Richard Kraig

Principal Investigator

Dr. Kraig graduated with a B.A. in Chemistry in 1971 from Cornell College under the mentorship of Dr. Addison Ault in 1971.  He later obtained his Ph.D. in Physiology and Biophysics in 1976 from the University of Iowa, M.D. from New York University in 1978, internship in Medicine from the University of Chicago in 1979, and residency in Neurology from the New York Hospital-Cornell Medical College in 1982.  Dr. Kraig completed his graduate training under the guidance of Dr. Charles Nicholson with the Llinás group, and later studied under Dr. Fred Plum for training in neurology.  These mentors helped nurture Dr. Kraig’s passion as an experimentalist to understand basic nervous system functions and how they relate to neurological disease.  Specifically, Dr. Kraig’s research focus centers on deciphering the mean by which increased intellectual, social, and physical activity makes brain more resilient against neurological disease.  Dr. Kraig joined the University of Chicago in 1988, where he now is the Mabie Professor in the Neurosciences in the Departments of Neurology and Neurobiology, Pharmacology & Physiology.  He is also a member of the Committees on Neurobiology, Molecular Pathogenesis & Molecular Medicine, and Computational Neuroscience.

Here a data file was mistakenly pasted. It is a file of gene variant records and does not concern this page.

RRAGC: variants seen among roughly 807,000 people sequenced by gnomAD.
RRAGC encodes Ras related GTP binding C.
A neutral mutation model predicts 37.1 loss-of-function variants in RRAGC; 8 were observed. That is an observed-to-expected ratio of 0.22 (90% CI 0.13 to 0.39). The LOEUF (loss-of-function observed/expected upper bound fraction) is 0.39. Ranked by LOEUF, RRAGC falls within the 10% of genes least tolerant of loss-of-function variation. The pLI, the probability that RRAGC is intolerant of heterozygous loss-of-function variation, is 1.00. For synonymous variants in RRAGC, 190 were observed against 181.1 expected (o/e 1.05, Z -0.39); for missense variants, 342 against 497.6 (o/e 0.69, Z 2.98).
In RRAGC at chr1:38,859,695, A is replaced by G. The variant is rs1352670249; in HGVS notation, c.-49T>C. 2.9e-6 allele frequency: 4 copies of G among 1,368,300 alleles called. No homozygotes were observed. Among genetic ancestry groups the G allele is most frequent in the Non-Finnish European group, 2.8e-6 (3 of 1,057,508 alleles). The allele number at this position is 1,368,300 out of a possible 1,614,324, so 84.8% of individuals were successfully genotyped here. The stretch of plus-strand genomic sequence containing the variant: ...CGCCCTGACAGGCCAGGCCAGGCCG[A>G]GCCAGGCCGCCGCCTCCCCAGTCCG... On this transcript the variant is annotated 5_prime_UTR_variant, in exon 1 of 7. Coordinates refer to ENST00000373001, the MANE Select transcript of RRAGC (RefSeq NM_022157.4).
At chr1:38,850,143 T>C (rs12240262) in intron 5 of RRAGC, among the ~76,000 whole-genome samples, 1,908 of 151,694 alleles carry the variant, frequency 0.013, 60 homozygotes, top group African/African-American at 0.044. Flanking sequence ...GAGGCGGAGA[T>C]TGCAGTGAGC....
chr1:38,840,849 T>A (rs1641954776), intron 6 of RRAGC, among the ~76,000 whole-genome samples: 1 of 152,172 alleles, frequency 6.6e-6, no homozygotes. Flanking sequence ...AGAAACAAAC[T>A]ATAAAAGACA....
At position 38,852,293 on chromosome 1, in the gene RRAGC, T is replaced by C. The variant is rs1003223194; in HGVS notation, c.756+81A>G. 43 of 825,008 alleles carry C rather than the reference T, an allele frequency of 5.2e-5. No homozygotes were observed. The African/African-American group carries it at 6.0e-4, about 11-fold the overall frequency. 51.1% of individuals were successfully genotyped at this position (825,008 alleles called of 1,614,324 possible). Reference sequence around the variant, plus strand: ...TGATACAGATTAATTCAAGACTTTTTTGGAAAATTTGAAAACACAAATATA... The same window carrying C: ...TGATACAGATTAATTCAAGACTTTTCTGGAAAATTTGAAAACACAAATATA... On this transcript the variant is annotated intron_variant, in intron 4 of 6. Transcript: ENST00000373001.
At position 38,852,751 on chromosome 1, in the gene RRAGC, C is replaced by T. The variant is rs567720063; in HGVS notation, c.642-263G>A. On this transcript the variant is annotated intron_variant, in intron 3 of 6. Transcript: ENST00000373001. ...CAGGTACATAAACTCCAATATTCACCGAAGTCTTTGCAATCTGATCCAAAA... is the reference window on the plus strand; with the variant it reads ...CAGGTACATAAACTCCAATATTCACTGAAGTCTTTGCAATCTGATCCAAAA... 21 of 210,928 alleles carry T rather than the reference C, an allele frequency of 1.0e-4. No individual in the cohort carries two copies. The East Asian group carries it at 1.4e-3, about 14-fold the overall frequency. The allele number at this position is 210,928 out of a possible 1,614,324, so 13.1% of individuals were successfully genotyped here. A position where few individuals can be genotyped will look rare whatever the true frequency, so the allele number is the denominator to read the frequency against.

Society Memberships

  • Society for Neuroscience (1976-present )
  • American Heart Association (2004-present)
  • American Academy of Neurology (1980-present)
  • American Headache Society (2006-present)
  • American Neurological Association (1994-present)
  • International Dose-Response Society (2008-present)

Select Publications

Kraig, R. P., Mitchell, H. M., Christie-Pope, B., Kunkler, P. E., White, D. M., Tang, Y. P. and Langan, G. (2010) TNF-alpha and microglial hormetic involvement in neurological health & migraine. Dose Response, 8, 389-413.

Grinberg YY, Milton JG, Kraig RP (2011) Spreading depression sends microglia on lévy flights.  PLoS ONE 6:e19294.

Grinberg YY, Dibbern ME, Levasseur VA, Kraig RP (2013) Insulin-like growth factor-1 abrogates microglial oxidative stress and TNF-α responses to spreading depression. J Neurochem 126:662-672. [Cover image]